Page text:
perse

1 of 3

adjective (1)

: of a dark grayish blue resembling indigo

per se

2 of 3

adverb

(ˌ)pər-ˈsā,
 also  per-ˈsā,
or
(ˌ)pər-ˈsē How to pronounce per se (audio)
: by, of, or in itself or oneself or themselves : as such : intrinsically

per se

3 of 3

adjective (2)

: being such inherently, clearly, or as a matter of law
a per se conflict of interest

Did you know?

We generally use per se to distinguish between something in its narrow sense and some larger thing that it represents. Thus, you may have no objection to educational testing per se, but rather to the way testing is done. An opposition party may attack a president's policy not because they dislike the policy per se but because they want to weaken the president. And when New York's police chief decided to crack down on small crimes, it wasn't the small crimes per se that were his target, but instead the larger crimes which he believed would be reduced because of this new approach.

Examples of perse in a Sentence

Recent Examples on the Web
Adverb
Said a slightly different way, does the criminal immunity that essentially places the president above the law also make all his military orders lawful per se? Andrew Turley, Sun Sentinel, 16 July 2024 Our historically conservative budgeting with consistently higher revenue and lower expenditures, plus ample rainy-day funds, do not predict any deficits per se. Sam Kmack, The Arizona Republic, 9 July 2024 The final product, by Chief Justice John Roberts, in a 6-3 split along partisan lines, did not say the president is a king, per se, but appointed itself arbiter of where their power ends. New York Daily News Editorial Board, New York Daily News, 2 July 2024 There are certain parts of the process that are proprietary and they won’t be easily copied per se. Andy Mills, Quartz, 5 July 2024 See all Example Sentences for perse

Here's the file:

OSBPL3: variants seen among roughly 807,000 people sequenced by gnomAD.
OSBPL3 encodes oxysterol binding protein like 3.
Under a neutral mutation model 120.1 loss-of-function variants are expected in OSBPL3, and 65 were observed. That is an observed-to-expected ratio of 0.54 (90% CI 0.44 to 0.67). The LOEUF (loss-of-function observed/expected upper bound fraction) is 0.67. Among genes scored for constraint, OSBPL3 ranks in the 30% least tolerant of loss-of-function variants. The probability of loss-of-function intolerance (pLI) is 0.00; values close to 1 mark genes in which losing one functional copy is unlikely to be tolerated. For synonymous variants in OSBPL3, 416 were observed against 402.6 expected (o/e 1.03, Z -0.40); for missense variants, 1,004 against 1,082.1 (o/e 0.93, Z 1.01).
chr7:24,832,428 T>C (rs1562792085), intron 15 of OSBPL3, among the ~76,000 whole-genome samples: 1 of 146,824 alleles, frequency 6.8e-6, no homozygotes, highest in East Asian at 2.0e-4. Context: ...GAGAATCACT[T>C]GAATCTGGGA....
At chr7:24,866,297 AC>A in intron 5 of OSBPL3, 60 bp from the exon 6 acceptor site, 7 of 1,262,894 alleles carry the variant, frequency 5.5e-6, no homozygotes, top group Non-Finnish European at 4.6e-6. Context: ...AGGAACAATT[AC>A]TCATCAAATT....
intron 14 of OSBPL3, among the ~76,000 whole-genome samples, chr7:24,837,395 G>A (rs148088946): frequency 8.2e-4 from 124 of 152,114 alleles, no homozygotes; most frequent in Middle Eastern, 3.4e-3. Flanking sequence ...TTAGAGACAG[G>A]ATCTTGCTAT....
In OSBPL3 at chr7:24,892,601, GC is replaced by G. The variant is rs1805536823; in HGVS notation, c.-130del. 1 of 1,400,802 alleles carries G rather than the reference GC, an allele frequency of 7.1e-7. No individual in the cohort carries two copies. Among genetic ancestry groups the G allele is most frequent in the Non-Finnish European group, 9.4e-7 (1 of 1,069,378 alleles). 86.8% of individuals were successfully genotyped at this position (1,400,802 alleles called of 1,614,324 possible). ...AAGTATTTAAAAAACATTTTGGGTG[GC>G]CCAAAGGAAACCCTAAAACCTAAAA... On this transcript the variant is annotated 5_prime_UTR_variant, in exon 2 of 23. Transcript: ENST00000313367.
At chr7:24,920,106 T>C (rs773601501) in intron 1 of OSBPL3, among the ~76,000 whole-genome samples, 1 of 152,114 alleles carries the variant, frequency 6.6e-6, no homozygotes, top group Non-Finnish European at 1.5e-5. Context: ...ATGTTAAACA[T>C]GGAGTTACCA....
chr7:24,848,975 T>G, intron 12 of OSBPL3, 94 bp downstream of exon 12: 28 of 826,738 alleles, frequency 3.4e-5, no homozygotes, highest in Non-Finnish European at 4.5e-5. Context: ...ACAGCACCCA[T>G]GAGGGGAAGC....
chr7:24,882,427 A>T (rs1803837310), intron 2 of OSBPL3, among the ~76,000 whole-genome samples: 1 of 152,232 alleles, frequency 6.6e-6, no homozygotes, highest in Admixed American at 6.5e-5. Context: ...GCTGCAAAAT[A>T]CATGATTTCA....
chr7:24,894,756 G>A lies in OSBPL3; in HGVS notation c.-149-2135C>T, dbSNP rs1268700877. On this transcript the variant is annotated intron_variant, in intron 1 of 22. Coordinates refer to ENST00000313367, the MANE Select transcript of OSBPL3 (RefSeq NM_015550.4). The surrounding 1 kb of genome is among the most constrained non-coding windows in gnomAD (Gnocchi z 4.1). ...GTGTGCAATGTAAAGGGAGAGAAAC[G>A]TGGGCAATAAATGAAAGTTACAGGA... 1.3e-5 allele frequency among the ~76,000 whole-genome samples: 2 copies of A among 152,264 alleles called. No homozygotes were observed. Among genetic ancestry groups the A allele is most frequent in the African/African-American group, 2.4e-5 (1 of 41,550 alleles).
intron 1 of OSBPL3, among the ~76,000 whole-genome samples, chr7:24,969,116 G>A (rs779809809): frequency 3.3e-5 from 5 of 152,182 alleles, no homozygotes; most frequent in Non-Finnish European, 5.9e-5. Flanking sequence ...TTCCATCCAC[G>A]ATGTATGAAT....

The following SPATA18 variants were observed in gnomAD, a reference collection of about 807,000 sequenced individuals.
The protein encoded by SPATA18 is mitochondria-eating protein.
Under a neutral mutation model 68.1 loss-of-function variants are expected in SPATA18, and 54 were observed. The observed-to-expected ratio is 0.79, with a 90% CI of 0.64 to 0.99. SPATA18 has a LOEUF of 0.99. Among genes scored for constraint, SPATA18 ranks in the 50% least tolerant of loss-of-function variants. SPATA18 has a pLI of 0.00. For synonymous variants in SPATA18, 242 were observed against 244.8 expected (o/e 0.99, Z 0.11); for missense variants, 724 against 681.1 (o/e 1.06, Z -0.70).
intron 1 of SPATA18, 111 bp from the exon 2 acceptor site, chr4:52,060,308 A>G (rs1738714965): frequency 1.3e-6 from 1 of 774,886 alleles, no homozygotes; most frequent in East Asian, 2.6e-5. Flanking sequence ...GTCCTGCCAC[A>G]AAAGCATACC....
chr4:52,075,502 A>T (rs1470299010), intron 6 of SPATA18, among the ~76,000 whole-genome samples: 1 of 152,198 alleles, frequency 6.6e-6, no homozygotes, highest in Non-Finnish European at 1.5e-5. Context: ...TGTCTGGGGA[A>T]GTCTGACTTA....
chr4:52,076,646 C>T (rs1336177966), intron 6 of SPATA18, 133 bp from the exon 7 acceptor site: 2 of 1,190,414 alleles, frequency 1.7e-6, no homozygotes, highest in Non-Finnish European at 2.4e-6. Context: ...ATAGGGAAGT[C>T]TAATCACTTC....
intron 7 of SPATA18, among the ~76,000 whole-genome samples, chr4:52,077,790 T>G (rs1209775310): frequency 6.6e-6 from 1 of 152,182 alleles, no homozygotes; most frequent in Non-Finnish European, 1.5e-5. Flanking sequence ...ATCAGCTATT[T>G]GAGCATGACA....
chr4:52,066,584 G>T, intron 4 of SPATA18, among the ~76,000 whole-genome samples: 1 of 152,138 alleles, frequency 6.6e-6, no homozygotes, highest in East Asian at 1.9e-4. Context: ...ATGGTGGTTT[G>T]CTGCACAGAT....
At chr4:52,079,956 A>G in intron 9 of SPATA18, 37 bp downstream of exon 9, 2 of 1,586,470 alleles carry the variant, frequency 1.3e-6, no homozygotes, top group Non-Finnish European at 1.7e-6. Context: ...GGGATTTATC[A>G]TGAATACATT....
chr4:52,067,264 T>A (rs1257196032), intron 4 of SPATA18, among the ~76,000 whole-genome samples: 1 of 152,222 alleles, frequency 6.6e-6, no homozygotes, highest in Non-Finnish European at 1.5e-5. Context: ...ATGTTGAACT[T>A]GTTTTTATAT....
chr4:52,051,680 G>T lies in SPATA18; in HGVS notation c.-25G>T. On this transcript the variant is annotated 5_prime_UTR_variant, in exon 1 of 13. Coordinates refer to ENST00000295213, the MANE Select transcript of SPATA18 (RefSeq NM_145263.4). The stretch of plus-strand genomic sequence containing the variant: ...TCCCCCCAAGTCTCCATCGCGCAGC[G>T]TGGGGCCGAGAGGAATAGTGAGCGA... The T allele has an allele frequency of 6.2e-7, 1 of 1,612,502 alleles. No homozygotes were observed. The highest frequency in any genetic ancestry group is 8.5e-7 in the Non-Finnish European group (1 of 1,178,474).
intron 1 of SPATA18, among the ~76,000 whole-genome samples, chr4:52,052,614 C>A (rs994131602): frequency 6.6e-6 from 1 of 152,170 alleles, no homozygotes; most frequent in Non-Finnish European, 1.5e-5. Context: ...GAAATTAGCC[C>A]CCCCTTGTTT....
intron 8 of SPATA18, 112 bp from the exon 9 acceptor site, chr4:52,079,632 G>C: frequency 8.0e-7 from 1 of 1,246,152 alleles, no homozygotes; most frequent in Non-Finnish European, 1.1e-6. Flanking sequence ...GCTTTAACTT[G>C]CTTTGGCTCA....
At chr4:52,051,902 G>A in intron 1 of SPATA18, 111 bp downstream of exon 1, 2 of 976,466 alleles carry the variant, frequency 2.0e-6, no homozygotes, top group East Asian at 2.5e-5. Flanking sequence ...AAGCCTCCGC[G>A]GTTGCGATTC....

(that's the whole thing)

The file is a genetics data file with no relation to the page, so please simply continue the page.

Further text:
These examples are programmatically compiled from various online sources to illustrate current usage of the word 'perse.' Any opinions expressed in the examples do not represent those of Merriam-Webster or its editors. Send us feedback about these examples.

Word History

Etymology

Adjective (1)

Middle English pers, from Anglo-French, from Medieval Latin persus

Adverb

Latin

First Known Use

Adjective (1)

15th century, in the meaning defined above

Adverb

1574, in the meaning defined above

Adjective (2)

circa 1655, in the meaning defined above

Time Traveler
The first known use of perse was in the 15th century

Dictionary Entries Near perse

per se

perse

Perse

Cite this Entry

“Perse.” Merriam-Webster.com Dictionary, Merriam-Webster, https://www.merriam-webster.com/dictionary/perse. Accessed 24 Jul. 2024.

Legal Definition

per se

1 of 2 adverb
1
: inherently, strictly, or by operation of statute, constitutional provision or doctrine, or case law
the transaction was illegal per se
see also negligence per se at negligence, nuisance per se at nuisance
2
: without proof of special damages or reference to extrinsic circumstances
defamatory statements that were actionable per se
compare per quod

per se

2 of 2 adjective
: being such inherently, clearly, or by operation of statute, constitutional provision or doctrine, or case law
it is clear that licensing of adult entertainment establishments is not a per se violation of the First AmendmentClub Southern Burlesque, Inc. v. City of Carrollton, 457 S.E.2d 816 (1995)
a per se conflict of interest
Etymology

Adverb

Latin, by, of, or in itself

Biographical Definition

Perse

biographical name

St. John see Aléxis Saint-Léger léger
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